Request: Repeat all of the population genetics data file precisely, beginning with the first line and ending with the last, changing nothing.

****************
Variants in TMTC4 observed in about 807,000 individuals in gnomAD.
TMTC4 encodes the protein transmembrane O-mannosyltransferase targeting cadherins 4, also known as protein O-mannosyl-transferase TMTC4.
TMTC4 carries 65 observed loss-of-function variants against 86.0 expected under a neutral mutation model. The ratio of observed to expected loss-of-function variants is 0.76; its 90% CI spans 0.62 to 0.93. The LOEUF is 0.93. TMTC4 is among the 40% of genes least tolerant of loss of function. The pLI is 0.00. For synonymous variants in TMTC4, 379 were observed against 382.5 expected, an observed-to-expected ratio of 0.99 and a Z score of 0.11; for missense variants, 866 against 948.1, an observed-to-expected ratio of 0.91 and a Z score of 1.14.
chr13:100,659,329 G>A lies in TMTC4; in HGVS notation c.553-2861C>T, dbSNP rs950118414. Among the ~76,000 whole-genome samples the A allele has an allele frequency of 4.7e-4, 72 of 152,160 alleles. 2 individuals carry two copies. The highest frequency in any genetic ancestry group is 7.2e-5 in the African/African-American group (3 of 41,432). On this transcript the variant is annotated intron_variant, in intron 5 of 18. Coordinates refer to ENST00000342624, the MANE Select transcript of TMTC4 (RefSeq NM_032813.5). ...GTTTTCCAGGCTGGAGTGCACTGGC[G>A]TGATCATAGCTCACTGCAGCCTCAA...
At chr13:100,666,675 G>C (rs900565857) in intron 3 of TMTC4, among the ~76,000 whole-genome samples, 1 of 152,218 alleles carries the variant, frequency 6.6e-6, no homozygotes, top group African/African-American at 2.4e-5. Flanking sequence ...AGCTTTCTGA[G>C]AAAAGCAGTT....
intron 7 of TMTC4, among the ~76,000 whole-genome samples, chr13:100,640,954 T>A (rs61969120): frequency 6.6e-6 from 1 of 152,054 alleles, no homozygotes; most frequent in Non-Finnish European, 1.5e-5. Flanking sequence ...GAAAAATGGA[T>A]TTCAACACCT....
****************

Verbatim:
Variants in TMTC4 observed in about 807,000 individuals in gnomAD.
TMTC4 encodes the protein transmembrane O-mannosyltransferase targeting cadherins 4, also known as protein O-mannosyl-transferase TMTC4.
TMTC4 carries 65 observed loss-of-function variants against 86.0 expected under a neutral mutation model. The ratio of observed to expected loss-of-function variants is 0.76; its 90% CI spans 0.62 to 0.93. The LOEUF is 0.93. TMTC4 is among the 40% of genes least tolerant of loss of function. The pLI is 0.00. For synonymous variants in TMTC4, 379 were observed against 382.5 expected, an observed-to-expected ratio of 0.99 and a Z score of 0.11; for missense variants, 866 against 948.1, an observed-to-expected ratio of 0.91 and a Z score of 1.14.
chr13:100,659,329 G>A lies in TMTC4; in HGVS notation c.553-2861C>T, dbSNP rs950118414. Among the ~76,000 whole-genome samples the A allele has an allele frequency of 4.7e-4, 72 of 152,160 alleles. 2 individuals carry two copies. The highest frequency in any genetic ancestry group is 7.2e-5 in the African/African-American group (3 of 41,432). On this transcript the variant is annotated intron_variant, in intron 5 of 18. Coordinates refer to ENST00000342624, the MANE Select transcript of TMTC4 (RefSeq NM_032813.5). ...GTTTTCCAGGCTGGAGTGCACTGGC[G>A]TGATCATAGCTCACTGCAGCCTCAA...
At chr13:100,666,675 G>C (rs900565857) in intron 3 of TMTC4, among the ~76,000 whole-genome samples, 1 of 152,218 alleles carries the variant, frequency 6.6e-6, no homozygotes, top group African/African-American at 2.4e-5. Flanking sequence ...AGCTTTCTGA[G>C]AAAAGCAGTT....
intron 7 of TMTC4, among the ~76,000 whole-genome samples, chr13:100,640,954 T>A (rs61969120): frequency 6.6e-6 from 1 of 152,054 alleles, no homozygotes; most frequent in Non-Finnish European, 1.5e-5. Flanking sequence ...GAAAAATGGA[T>A]TTCAACACCT....